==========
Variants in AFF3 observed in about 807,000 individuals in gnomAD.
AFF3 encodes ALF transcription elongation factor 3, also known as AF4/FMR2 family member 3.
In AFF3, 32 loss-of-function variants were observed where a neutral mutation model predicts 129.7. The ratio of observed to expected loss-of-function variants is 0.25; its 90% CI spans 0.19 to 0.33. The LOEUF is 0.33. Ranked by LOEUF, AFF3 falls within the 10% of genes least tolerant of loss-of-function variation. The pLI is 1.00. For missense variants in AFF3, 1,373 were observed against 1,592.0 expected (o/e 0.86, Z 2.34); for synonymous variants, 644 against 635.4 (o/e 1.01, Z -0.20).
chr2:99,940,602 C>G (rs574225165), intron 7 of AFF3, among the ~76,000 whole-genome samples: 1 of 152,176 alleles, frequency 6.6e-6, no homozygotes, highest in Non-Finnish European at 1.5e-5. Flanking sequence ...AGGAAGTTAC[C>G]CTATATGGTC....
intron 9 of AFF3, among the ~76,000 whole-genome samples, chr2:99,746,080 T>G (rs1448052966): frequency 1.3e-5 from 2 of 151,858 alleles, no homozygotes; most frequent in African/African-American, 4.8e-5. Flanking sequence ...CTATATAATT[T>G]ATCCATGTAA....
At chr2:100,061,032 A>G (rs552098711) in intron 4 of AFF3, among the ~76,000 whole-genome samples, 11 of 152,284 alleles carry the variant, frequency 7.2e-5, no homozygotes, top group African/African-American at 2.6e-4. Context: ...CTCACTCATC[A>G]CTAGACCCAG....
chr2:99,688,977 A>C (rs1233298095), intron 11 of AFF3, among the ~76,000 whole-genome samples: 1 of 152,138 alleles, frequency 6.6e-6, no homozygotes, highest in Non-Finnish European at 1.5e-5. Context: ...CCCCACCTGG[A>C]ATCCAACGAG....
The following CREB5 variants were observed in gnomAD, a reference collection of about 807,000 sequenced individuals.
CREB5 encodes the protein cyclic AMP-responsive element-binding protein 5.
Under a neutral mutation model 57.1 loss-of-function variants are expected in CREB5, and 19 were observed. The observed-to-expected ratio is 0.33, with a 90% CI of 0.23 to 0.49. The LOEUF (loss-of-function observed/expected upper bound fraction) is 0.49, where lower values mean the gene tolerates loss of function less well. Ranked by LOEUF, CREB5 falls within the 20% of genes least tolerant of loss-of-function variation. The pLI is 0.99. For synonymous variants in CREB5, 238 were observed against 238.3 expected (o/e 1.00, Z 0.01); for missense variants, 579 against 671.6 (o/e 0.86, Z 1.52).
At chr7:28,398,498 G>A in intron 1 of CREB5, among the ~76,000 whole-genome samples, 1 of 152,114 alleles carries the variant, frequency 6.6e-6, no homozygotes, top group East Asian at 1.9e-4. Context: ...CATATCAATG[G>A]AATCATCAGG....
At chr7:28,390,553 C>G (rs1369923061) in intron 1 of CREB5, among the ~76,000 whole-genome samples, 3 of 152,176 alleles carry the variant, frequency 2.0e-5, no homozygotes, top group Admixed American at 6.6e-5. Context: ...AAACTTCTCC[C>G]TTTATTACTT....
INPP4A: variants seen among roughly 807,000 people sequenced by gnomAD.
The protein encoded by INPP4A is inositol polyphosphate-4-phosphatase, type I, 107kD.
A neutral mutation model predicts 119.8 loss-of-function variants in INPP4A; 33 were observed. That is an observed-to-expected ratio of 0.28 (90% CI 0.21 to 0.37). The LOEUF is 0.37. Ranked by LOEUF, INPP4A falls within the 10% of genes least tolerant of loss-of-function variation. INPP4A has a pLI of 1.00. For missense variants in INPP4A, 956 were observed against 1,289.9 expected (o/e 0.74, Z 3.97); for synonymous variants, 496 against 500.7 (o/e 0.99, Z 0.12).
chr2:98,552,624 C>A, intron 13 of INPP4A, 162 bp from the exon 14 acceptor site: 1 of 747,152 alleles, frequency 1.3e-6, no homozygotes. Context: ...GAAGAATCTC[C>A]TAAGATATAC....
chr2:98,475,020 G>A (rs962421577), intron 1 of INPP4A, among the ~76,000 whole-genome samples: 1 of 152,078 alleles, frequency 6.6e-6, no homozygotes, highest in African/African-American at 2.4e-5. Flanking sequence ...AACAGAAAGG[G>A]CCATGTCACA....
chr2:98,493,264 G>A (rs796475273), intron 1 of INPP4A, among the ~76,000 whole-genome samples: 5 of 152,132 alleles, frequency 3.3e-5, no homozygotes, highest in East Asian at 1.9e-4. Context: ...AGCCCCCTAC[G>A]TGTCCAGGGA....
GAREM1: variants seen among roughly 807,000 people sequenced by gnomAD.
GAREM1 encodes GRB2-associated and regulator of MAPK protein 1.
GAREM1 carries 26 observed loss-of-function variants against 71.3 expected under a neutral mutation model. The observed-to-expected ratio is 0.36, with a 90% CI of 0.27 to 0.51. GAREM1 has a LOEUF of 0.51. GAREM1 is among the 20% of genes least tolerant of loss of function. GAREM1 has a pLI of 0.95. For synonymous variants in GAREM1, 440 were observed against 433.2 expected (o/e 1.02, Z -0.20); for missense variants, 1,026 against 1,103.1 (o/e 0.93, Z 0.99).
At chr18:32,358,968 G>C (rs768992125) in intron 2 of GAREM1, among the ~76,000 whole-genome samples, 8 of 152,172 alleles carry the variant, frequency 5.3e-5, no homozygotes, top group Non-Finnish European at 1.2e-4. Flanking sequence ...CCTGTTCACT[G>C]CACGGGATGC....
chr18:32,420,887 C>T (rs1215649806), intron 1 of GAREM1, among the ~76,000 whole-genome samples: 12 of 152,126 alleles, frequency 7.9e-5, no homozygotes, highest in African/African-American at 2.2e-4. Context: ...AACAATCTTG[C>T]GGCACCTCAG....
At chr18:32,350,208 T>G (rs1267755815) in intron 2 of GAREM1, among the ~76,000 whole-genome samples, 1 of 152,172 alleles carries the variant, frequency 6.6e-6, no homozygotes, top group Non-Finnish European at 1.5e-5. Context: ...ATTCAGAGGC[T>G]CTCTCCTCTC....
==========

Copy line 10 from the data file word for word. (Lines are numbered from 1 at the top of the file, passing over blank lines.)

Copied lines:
Under a neutral mutation model 57.1 loss-of-function variants are expected in CREB5, and 19 were observed. The observed-to-expected ratio is 0.33, with a 90% CI of 0.23 to 0.49. The LOEUF (loss-of-function observed/expected upper bound fraction) is 0.49, where lower values mean the gene tolerates loss of function less well. Ranked by LOEUF, CREB5 falls within the 20% of genes least tolerant of loss-of-function variation. The pLI is 0.99. For synonymous variants in CREB5, 238 were observed against 238.3 expected (o/e 1.00, Z 0.01); for missense variants, 579 against 671.6 (o/e 0.86, Z 1.52).